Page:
MORE THAN JUST A MEAL
By ANDREW MCGINN
Members of the Jefferson Elks Lodge had a special treat planned in 1965 for those in the community without anywhere else to go on Christmas Day.
A chance to see the latest episode of “Flipper” in color.
In all actuality, the special treat was a first-of-its-kind complimentary turkey dinner for anybody without anyone to share the holiday with — now a tradition that continues to this day.
But in the local press on Dec. 21, 1965, it was announced that the event would also feature the era’s latest luxury: color TV.
Meaning that you could eat your roast turkey like a king and then watch the continuing adventures of your favorite bottlenose dolphin, like royalty, in color on NBC (hey, with only three channels on a Saturday night in 1965, pickings were slim).
The Elks have served and entertained scores of local residents every Christmas Day since.
Five and a half decades in, the annual Christmas Day dinner hosted by Jefferson Elks Lodge 2306 has become the lodge’s largest undertaking of the year, with volunteers preparing 10 15-pound turkeys, six whole hams and two dozen pumpkin pies.
But if that’s news to you, and it very well could be, consider yourself among the fortunate — you have family to surround yourself with, and the means to afford a traditional holiday dinner.
Elks member Joyce Fister can’t help but still be surprised by the number of people who attend.
“I never grew up in that type of situation,” Fister explained, “so I didn’t realize the need for it.”
Last Christmas, the Elks served dinner to more than 200 guests in-house and prepared an additional 64 takeout meals.
Elks Exalted Ruler Steve Smith isn’t exactly sure how many to expect this year — except a lot.
“The food pantry has been hit hard,” Smith said. “Maybe we’ll have a lot more people.”
The price of admission remains unchanged since that first event in 1965: absolutely nothing.
“We do it for the good of the community,” Fister said.
Attendance has quadrupled in the 54 years since the event started.
The Jefferson Herald on Dec. 30, 1965, reported that about 45 people took the Elks up on their invitation to have Christmas dinner at the lodge, a National Guard armory just a few years before. The Hardinettes 4-H Club volunteered as waitresses.
In a sign of the times if there ever was one, the Herald’s report ran on the same page as a friendly seasonal reminder from the American Insurance Association about the importance of keeping ashtrays in every room at holiday time to prevent burns on tabletops and rugs.
There’s obviously no smoking today at the Elks Lodge, but not attending the Christmas Day dinner if you’re alone may actually be as harmful to your health as smoking 15 cigarettes.
Researchers have found that loneliness and social isolation are as damaging to health as smoking nearly a full pack a day, making it more dangerous than obesity.
Loneliness is now seen as a growing public health issue — an epidemic even — in a society that’s more connected than ever, yet somehow not connected at all.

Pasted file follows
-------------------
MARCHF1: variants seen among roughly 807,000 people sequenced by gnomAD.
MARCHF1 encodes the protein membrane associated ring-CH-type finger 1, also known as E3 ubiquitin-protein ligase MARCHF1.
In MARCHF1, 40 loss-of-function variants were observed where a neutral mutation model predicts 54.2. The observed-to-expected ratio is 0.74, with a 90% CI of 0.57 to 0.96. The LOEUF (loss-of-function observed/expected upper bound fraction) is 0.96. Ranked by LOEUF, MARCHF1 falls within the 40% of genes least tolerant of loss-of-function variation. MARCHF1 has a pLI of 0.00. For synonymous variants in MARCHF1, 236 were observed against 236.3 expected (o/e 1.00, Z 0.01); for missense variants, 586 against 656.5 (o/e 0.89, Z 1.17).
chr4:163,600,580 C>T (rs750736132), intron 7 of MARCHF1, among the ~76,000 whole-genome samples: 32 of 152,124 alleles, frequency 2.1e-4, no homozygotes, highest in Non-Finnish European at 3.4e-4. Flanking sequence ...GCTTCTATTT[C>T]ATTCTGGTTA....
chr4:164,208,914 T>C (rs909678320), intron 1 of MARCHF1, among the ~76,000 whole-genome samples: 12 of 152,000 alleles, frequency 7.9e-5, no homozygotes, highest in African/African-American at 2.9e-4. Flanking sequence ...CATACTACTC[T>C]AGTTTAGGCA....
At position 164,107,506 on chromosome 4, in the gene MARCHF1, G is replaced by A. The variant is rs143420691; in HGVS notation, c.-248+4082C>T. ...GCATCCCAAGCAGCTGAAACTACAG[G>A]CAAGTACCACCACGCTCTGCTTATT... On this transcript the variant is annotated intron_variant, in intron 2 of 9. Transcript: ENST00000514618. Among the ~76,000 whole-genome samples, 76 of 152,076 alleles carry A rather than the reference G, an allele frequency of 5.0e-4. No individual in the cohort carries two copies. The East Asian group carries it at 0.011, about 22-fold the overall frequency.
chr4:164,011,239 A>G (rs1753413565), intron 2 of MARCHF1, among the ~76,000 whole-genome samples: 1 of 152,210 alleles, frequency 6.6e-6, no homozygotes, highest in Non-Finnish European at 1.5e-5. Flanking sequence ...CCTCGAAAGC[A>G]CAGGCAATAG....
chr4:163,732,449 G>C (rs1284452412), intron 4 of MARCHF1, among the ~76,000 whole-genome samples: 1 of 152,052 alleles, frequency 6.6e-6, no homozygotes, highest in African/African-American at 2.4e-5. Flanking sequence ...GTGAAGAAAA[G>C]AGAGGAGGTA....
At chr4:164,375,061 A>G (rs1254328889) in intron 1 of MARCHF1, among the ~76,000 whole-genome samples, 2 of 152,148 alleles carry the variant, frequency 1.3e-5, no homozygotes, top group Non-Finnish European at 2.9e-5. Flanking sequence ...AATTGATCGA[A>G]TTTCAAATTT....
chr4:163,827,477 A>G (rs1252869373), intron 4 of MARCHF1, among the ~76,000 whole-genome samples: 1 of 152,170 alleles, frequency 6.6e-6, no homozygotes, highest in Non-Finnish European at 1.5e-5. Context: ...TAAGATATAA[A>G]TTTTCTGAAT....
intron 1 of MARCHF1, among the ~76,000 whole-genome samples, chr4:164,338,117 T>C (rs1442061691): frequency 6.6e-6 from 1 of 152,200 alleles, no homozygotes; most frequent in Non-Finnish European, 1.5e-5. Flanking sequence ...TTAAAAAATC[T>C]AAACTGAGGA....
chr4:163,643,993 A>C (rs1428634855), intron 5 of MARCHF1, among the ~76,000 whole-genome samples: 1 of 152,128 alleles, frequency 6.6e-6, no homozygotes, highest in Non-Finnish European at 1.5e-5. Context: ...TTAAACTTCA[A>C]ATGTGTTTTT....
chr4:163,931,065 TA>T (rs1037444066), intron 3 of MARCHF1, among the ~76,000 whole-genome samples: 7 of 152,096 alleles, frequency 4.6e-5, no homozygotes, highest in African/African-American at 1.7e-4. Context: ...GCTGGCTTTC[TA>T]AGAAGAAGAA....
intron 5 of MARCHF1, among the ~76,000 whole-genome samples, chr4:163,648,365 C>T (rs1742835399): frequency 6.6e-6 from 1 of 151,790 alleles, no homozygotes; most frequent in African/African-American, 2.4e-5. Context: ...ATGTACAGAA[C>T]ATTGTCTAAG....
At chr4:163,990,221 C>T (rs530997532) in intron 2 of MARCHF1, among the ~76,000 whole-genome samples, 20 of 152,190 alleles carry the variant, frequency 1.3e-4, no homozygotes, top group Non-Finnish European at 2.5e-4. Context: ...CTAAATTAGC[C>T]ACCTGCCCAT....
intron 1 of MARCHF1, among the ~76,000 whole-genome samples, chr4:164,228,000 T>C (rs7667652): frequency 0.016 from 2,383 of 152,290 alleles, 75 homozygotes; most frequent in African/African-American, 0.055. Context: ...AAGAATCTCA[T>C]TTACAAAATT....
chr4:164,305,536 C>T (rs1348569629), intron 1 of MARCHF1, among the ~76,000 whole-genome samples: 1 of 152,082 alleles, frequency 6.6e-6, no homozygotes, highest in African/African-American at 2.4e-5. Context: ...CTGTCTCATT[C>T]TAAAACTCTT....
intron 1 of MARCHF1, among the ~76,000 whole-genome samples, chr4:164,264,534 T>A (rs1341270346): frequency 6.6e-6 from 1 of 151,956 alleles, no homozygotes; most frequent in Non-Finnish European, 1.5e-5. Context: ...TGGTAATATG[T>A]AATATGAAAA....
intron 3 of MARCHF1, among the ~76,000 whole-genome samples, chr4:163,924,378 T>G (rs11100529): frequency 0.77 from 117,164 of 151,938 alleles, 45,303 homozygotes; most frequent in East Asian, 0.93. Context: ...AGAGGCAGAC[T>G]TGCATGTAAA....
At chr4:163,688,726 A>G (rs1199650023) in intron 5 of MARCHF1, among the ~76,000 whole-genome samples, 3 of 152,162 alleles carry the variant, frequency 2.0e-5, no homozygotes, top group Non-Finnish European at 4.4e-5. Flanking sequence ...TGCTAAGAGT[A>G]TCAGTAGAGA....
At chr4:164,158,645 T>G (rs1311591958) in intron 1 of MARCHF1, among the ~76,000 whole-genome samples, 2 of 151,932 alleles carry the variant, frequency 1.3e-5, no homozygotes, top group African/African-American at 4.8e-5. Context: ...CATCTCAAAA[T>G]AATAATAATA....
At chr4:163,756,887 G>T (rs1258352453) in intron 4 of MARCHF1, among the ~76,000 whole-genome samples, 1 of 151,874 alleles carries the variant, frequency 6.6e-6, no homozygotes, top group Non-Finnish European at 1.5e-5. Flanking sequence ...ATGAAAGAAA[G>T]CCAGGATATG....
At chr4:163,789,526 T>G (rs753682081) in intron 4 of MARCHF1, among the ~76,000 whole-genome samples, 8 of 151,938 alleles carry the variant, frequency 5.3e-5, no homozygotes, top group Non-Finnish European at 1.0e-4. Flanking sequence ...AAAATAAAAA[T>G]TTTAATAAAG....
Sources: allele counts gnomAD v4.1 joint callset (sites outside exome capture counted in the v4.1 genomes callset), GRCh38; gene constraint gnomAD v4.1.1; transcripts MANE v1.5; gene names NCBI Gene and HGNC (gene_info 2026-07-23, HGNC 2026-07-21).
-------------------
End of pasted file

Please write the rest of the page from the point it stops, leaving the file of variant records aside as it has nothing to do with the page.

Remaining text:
Two in five people feel isolated from others, and one in four say they rarely or never feel as though there are people who really understand them, according to a 2018 survey of 20,000 Americans by health insurer Cigna.
Nearly half of those surveyed — 46 percent — reported feeling alone.
In announcing a strategy in 2018 to combat loneliness in the United Kingdom, then-Prime Minister Theresa May called loneliness one of the greatest public health challenges of our time. May’s government estimated that around 200,000 older people across the United Kingdom hadn’t had a conversation with a friend or relative in more than a month.
Since 2018, the U.K. has even officially had a minister for loneliness.
There’s no way the members of Jefferson’s Elks Lodge could have predicted the turn society would take — but the Christmas Day dinner now seems ahead of its time and more vital than ever.
The yearly attendance figures attest to its importance. Not even blizzards will keep people away.
“In talking to them,” Smith said, recalling his initial surprise at the number of people present, “they just had nowhere to go.
“They’re here for the community.”
According to one press report, the idea was spurred by “Lefty” Weinknecht, proprietor of the Jefferson Cigar Store, who told Dane Kious about a free community dinner in his native Minnesota.
Lefty apparently felt that communities did a lot for kids, but tended to overlook adults in need.
In 1965, the Benevolent and Protective Order of Elks was just a year into its charter in Jefferson, having formed in 1964 with 238 members. The club purchased the armory soon after.
A founding member of the lodge, Kious took Lefty’s suggestion back to his fellow Elks, and instead of a Christmas teen dance featuring the Bushmen — which the Elks had sponsored in 1964 for Greene County youth — a new event was born.
Kious, who died in 2017 at age 86, served as the event’s first chairman, a fact totally unknown to daughter Rosie Tucker, the owner of Sensibly Chic.
“We had no idea he was a good guy around town,” Tucker said, half-jokingly. “Dad was the type who would take Mom to church and he’d sit out in the parking lot and read the paper.”
Today, Fareway donates the hams, and Hy-Vee donates the turkeys.
“It’s a big undertaking,” Smith said, adding that it’s unique to Jefferson.
Bingo (with prizes) was introduced in the ’70s and is now the go-to after-dinner entertainment.
“You want to provide a place that’s warm and friendly,” Fister said.
For some of the Elks — now 263 in number from a high in 1974 of nearly 600 — there’s only one place to be on Christmas.
“We never plan anything on Christmas Day,” said Fister, wife of longtime Elk Les Fister. “Christmas Day, we come up here. And it feels good to be able to do something for someone else.
“That’s the true meaning of Christmas.”